Library Confessions: Comment article

An article on the Exeter University library, for Exeposé .

Read on for the full text.

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Taken from page 8 ( of Issue 652, 14 March 2016.


Confession: I don’t like being in the university library. If anything, I hate it. And I find that fact somehow shameful. Perhaps it’s because I’m an English Literature student; I’m supposed to be cosied up in a well-lit corner, surrounded by books, with a latte in one hand and my Shakespearean quotes tote bag in the other. Perhaps it was because, before I came to university, when I pictured a ‘library’, it was the one in Roald Dahl’s Matilda, where the six-year-old heroine visits every weekend to be handed stacks of Hardy by a helpful, bespectacled librarian. Now, however, the word ‘library’ conjures up a very different mental image. A sweaty, cardiac-arrest inducing mental image. When I go to the library, I am on a mission. I don’t wander into the library to peruse the shelves. In the narrow lanes between shelves, there is no room for perusal. Things get tricky if a book you need is on the bottom shelf. Unless you want to be trodden on, or –worse –endure the wrathful passive aggression of several other students trying to squeeze past, you must time the act of bending down to perfection. It’s like accompanying your housemate to their ‘beginners’ class in swing dancing, and discovering that everyone knows the choreography except you.

If you want a seat in the library, prepare for more anguish. Unless you fancy rising with the birds and the rowers, you can kiss goodbye those coveted window seats overlooking Forum Hill. Instead, your best bet is the Silent Study Space on the right. It’s full of people who, like you, missed out on the seat they really wanted, and are subsequently fuming in silence. Add to that the stuffy, oppressive heat and a room full of sweaty hairlines, and it’s a great atmosphere, I promise.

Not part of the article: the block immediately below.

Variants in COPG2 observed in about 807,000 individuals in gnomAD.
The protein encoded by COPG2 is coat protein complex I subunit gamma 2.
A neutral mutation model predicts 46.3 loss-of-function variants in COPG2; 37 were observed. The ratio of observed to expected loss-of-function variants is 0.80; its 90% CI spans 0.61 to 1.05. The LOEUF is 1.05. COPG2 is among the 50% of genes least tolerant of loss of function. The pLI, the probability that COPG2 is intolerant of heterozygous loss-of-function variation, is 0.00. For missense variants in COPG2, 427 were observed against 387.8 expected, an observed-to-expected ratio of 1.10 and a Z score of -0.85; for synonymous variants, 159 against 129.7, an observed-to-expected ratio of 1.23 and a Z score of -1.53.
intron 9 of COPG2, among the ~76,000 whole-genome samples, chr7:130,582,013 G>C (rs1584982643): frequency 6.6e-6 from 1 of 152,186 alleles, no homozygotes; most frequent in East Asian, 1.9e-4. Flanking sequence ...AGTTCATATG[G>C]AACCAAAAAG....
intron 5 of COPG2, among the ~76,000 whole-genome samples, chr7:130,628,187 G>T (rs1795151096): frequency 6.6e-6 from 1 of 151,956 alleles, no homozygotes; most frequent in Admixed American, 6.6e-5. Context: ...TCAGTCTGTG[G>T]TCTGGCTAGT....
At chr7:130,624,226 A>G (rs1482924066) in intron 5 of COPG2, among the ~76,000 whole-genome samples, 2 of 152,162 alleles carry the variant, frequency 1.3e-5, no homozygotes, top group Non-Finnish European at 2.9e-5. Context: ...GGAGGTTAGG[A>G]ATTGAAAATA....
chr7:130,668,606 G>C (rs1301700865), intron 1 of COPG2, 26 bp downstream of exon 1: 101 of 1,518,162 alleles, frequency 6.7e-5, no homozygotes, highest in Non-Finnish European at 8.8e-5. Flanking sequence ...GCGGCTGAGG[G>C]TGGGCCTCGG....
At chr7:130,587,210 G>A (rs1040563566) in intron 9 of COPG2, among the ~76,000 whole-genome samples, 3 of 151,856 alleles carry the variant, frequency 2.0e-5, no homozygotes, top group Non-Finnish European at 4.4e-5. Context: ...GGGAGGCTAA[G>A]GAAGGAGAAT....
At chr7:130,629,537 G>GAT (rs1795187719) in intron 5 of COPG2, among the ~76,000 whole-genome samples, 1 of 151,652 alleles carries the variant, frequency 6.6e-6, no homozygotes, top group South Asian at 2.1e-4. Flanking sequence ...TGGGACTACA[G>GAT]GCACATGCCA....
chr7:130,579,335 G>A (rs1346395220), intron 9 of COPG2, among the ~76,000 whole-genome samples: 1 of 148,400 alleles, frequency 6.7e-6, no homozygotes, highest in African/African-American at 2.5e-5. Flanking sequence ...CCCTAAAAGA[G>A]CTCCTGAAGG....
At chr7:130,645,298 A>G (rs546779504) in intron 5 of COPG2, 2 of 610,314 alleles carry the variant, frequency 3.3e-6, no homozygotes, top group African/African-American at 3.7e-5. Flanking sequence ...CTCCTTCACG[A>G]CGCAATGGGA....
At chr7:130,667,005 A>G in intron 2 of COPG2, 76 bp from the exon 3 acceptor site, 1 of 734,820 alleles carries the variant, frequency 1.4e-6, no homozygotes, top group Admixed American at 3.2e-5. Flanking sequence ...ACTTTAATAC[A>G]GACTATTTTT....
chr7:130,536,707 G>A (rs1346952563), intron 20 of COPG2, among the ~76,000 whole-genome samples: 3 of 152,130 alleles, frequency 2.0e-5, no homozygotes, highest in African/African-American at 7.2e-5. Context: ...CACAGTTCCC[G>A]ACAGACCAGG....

As a third year with a 6,000 word essay and a dissertation to write, the overcrowding in the library is not ideal. Yes, I know from the SAAB’s posters and friendly emails that there is further available study space (‘Why not try the Sanctuary?’). I also know I’m not alone in the everlasting quest for a seat next to a power socket. But I still find it deeply frustrating having to cart a DofE backpack full of books around Devonshire House. Following Exeposé’s investigation into overcrowding on campus last year, we’ve learnt that 80 per cent of students feel that the campus is over capacity. And the number of students admitted is still growing. Yes, at the minute the library is a stressful nightmare for third-years whose only waking thought is finding the perfect quotation for their chapter titles. Spare us a thought at this difficult time. But I feel more sorry for the students returning next year. In the library and across the campus, it’s only going to get worse.

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